Publish date

20 April 2020

Pre-packs in administration overview

Scope of this article

This article sets out what a pre-pack is, and why pre-packs remain a very popular mechanism of selling or buying a financially distressed business.

What is a “pre-pack”?

The term “pre-pack” is used, in the context of administration, to describe the process through which a company is put into administration and its business or assets (or both) immediately sold by the administrator under a sale that was arranged before the administrator was appointed.

Pre-packs are not a new restructuring strategy but their use has become fairly widespread.

Often a pre-pack involves the sale of a company’s business on a going concern basis. However, sometimes a pre-pack will just involve the sale of some or all of the assets of the company.  The rest of the company’s assets or the business may be sold off in a separate transaction, or the company may be put into liquidation.

They are fast paced transactions, often completing in a few days of instructing lawyers.

Advantages of a pre-pack

The advantages of a pre-pack strategy depend on the individual specific circumstances, but can include the following:

  • A pre-pack sale can result in the quick and relatively smooth transfer of a business to a new owner, compared to a sale negotiated at length after the insolvent owner goes into administration. This can minimise the erosion of price caused by the fact of a seller’s insolvency, and also reduce the costs of the administration process, which ultimately results in a better return for creditors.
  • Pre-packs can minimise the erosion of the confidence of a business’ suppliers, customers and employees that is inevitably caused by insolvency proceedings over the owner of the business.
  • Pre-packs can potentially save more jobs than an administration that attempts to continue to trade the business pending a later sale or other type of restructuring.
  • If there is no funding available, it may not be possible for the administrator to continue to trade the business until it is sold at a later date or otherwise restructured.  The alternative here would be liquidation and the immediate cessation of the company’s business.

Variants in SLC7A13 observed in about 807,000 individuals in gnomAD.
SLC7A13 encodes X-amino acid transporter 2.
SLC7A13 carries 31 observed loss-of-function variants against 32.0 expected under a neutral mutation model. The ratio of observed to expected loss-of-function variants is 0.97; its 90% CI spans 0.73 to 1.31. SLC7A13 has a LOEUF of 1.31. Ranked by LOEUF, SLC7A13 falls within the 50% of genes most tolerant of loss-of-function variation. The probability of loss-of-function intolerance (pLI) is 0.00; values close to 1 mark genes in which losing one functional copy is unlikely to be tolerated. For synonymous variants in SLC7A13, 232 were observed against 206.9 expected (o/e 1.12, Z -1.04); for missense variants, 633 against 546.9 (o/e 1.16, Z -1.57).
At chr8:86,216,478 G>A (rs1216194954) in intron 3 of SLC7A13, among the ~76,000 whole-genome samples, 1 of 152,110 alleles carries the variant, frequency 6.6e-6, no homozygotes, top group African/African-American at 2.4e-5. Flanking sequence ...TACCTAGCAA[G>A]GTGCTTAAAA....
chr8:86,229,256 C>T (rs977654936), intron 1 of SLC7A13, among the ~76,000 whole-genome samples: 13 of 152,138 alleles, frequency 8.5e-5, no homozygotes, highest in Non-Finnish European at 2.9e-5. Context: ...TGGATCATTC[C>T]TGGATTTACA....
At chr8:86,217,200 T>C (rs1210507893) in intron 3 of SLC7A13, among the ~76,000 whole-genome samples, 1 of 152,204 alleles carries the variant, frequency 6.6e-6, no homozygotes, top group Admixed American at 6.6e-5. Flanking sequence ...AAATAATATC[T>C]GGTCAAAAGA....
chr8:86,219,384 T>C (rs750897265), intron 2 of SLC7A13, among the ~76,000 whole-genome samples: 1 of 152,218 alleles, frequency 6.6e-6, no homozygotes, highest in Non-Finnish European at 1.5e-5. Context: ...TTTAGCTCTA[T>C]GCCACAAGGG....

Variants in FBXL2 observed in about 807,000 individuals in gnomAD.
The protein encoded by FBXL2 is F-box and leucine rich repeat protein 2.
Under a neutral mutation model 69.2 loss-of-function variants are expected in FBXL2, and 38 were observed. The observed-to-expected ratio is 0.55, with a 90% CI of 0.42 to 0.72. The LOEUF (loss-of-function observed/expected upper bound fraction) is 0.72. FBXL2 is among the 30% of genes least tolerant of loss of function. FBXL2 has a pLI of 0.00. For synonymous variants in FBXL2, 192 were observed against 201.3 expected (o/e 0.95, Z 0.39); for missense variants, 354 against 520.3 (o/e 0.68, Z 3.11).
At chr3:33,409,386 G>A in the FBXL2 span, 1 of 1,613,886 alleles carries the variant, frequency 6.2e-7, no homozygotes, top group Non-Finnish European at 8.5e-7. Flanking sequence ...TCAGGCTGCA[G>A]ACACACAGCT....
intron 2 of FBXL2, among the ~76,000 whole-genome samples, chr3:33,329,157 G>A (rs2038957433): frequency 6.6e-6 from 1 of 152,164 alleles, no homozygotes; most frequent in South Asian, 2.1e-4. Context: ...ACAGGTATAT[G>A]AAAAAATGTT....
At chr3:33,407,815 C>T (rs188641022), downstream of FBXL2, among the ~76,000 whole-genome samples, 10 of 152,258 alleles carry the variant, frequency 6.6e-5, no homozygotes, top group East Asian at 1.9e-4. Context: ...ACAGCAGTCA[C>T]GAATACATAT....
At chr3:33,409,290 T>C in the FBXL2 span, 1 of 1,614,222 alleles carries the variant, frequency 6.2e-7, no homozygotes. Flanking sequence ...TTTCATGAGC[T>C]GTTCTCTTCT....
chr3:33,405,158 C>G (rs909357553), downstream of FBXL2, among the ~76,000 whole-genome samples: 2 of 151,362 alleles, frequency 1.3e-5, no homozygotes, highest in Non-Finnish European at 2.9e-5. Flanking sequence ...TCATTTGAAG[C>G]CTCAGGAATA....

Disadvantages of pre-packs

The main criticisms of pre-packs are:

  • Unsecured creditors often do not realise that a pre-pack sale is going to happen and so have no opportunity to protect their interests by considering and voting on the pre-pack proposal
  • Pre-packs do not necessarily always maximise returns for unsecured creditors.  The value of a business could be destroyed if its financial difficulties are leaked.  As a result, an administrator selling the business and/or assets of a company in a pre-pack will not necessarily be able to test the market value of the business by wide advertising for interested buyers. This means that businesses or assets sold by way of a pre-pack are usually sold with limited marketing compared with a normal administration.  Although to address this criticism, Statement of Insolvency Practice 16 now contains more demanding standards for advertising a business for sale in the context of a pre-pack
  • Pre-packs are seen as similar to the outlawed practice of creating “phoenix” companies.  This outlawed practice involves a company being put into liquidation by its management, before the same business is transferred to a new “phoenix” company, but without the debts of the old company.  Creditors tend to be most suspicious about pre-packs when the business is sold back to the original shareholders or directors of the now-insolvent company.  There are now however significant disclosures that need to be made to creditors, where a sale is to a connected party, to address this criticism
  • Writing off liabilities using a pre-pack is a short-term remedy.  A pre-pack sale of a business and assets doesn’t subject the business being sold to a restructuring, which is often necessary if the business is to survive in the longer term.

Practical advice

Pre-packs have been, and remain, a subject of some controversy – but they are still popular and widely used in the UK.

The burden is on the buyer to take what steps it can to expand on the limited information contained in the sales brochure prepared by the Administrators. It is on the basis of that information, and its own investigations, that the buyer will be able to calculate the price it is prepared to pay for the assets and business offered for sale. It is often the case that the information the buyer subsequently discovers, is so significant that it seeks to alter the price that it has already offered during the course of the pre-pack transaction.

The advice to a buyer in this situation is to seek to undertake as much due diligence as is commercially possible in a time pressured environment and to understand the nature of what they are buying and the risks involved. The price is generally lower than full market value, to reflect the distressed nature of the business and the inherent risk of buying assets in a few days rather than several months.

The Corporate team at Thomson Snell & Passmore has many years of experience of acting for commercial clients who wish to acquire financially distressed businesses from Administrators in a pre-pack sale as part of their growth strategy, where negotiation of the sale takes place before the seller enters into administration and the deal completes on or shortly after the appointment of Administrators.

For further advice and assistance in connection with pre-packs please contact Joanne Gallagher, Head of Corporate & Commercial, email:

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